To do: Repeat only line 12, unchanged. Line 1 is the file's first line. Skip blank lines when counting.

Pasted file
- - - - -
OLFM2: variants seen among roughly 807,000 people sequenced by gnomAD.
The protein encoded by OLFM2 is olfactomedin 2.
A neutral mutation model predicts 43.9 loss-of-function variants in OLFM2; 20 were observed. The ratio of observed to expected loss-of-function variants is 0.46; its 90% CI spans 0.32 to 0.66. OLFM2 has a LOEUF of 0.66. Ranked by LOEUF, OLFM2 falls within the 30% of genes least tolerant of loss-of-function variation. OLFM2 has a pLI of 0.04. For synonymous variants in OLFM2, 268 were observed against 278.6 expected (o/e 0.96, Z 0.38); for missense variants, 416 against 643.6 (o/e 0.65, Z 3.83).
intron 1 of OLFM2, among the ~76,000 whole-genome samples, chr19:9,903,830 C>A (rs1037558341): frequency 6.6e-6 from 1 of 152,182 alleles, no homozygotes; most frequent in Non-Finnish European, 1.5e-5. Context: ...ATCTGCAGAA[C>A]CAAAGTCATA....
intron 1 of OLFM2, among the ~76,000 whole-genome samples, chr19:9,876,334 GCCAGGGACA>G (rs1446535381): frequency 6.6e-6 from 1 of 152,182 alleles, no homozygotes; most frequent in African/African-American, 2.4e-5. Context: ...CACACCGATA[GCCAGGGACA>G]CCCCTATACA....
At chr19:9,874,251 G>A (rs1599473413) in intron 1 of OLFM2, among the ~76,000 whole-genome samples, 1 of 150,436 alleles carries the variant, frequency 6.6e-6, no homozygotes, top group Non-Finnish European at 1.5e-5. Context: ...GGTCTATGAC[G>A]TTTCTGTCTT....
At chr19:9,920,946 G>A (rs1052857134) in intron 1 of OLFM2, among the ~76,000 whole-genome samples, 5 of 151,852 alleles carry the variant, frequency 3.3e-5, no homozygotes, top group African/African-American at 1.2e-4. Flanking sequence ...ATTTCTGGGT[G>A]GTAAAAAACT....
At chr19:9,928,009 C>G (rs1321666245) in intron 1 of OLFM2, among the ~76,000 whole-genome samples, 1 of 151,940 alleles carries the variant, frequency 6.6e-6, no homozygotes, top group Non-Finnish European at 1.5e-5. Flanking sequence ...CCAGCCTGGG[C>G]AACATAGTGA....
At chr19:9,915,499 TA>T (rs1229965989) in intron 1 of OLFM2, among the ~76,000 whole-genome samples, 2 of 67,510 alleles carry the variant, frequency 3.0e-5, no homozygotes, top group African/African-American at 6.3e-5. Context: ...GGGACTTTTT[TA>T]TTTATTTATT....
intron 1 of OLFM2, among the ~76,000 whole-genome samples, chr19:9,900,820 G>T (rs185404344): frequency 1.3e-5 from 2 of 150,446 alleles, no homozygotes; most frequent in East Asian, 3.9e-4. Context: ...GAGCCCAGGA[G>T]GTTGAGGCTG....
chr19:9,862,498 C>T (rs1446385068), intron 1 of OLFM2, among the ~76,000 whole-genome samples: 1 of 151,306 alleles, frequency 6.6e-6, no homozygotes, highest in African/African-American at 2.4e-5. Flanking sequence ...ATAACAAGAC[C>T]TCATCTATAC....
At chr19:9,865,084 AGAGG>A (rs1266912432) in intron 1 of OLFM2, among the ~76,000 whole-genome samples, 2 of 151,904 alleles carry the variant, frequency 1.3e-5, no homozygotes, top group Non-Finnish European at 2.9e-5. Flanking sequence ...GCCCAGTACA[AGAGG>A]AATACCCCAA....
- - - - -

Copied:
At chr19:9,865,084 AGAGG>A (rs1266912432) in intron 1 of OLFM2, among the ~76,000 whole-genome samples, 2 of 151,904 alleles carry the variant, frequency 1.3e-5, no homozygotes, top group Non-Finnish European at 2.9e-5. Flanking sequence ...GCCCAGTACA[AGAGG>A]AATACCCCAA....